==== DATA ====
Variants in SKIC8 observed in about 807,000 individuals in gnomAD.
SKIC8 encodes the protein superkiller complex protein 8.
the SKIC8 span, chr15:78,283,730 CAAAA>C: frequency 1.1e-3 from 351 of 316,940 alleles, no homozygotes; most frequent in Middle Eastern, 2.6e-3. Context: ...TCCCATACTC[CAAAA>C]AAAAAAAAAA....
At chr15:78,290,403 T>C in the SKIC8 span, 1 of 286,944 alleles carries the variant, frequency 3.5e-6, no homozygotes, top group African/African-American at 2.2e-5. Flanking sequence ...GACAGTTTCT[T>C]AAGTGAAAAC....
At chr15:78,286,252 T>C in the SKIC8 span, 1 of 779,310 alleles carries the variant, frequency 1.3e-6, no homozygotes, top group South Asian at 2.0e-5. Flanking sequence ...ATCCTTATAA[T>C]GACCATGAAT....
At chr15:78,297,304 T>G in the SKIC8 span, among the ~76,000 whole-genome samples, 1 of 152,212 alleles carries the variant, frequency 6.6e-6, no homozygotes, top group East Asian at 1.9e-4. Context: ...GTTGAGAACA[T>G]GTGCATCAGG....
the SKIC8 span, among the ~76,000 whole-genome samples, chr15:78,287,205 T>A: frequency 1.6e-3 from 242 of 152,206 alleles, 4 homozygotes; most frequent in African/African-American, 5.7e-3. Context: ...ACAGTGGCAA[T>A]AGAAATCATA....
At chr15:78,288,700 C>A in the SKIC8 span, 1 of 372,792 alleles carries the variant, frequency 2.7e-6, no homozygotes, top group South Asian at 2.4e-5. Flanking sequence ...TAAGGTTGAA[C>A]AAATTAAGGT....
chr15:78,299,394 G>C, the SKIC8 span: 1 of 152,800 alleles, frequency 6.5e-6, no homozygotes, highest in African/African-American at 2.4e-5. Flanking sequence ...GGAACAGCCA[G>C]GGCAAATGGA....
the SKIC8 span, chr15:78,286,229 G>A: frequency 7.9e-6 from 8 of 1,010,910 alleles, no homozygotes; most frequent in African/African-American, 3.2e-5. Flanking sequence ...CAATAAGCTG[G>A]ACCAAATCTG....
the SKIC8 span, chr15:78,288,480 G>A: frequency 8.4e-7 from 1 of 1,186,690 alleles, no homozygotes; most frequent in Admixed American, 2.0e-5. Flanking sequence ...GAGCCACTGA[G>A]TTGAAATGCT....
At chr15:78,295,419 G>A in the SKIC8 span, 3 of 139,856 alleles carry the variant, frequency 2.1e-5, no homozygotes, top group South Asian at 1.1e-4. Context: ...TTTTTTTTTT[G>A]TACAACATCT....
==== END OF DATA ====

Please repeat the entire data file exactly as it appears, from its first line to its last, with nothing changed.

Variants in SKIC8 observed in about 807,000 individuals in gnomAD.
SKIC8 encodes the protein superkiller complex protein 8.
the SKIC8 span, chr15:78,283,730 CAAAA>C: frequency 1.1e-3 from 351 of 316,940 alleles, no homozygotes; most frequent in Middle Eastern, 2.6e-3. Context: ...TCCCATACTC[CAAAA>C]AAAAAAAAAA....
At chr15:78,290,403 T>C in the SKIC8 span, 1 of 286,944 alleles carries the variant, frequency 3.5e-6, no homozygotes, top group African/African-American at 2.2e-5. Flanking sequence ...GACAGTTTCT[T>C]AAGTGAAAAC....
At chr15:78,286,252 T>C in the SKIC8 span, 1 of 779,310 alleles carries the variant, frequency 1.3e-6, no homozygotes, top group South Asian at 2.0e-5. Flanking sequence ...ATCCTTATAA[T>C]GACCATGAAT....
At chr15:78,297,304 T>G in the SKIC8 span, among the ~76,000 whole-genome samples, 1 of 152,212 alleles carries the variant, frequency 6.6e-6, no homozygotes, top group East Asian at 1.9e-4. Context: ...GTTGAGAACA[T>G]GTGCATCAGG....
the SKIC8 span, among the ~76,000 whole-genome samples, chr15:78,287,205 T>A: frequency 1.6e-3 from 242 of 152,206 alleles, 4 homozygotes; most frequent in African/African-American, 5.7e-3. Context: ...ACAGTGGCAA[T>A]AGAAATCATA....
At chr15:78,288,700 C>A in the SKIC8 span, 1 of 372,792 alleles carries the variant, frequency 2.7e-6, no homozygotes, top group South Asian at 2.4e-5. Flanking sequence ...TAAGGTTGAA[C>A]AAATTAAGGT....
chr15:78,299,394 G>C, the SKIC8 span: 1 of 152,800 alleles, frequency 6.5e-6, no homozygotes, highest in African/African-American at 2.4e-5. Flanking sequence ...GGAACAGCCA[G>C]GGCAAATGGA....
the SKIC8 span, chr15:78,286,229 G>A: frequency 7.9e-6 from 8 of 1,010,910 alleles, no homozygotes; most frequent in African/African-American, 3.2e-5. Flanking sequence ...CAATAAGCTG[G>A]ACCAAATCTG....
the SKIC8 span, chr15:78,288,480 G>A: frequency 8.4e-7 from 1 of 1,186,690 alleles, no homozygotes; most frequent in Admixed American, 2.0e-5. Flanking sequence ...GAGCCACTGA[G>A]TTGAAATGCT....
At chr15:78,295,419 G>A in the SKIC8 span, 3 of 139,856 alleles carry the variant, frequency 2.1e-5, no homozygotes, top group South Asian at 1.1e-4. Context: ...TTTTTTTTTT[G>A]TACAACATCT....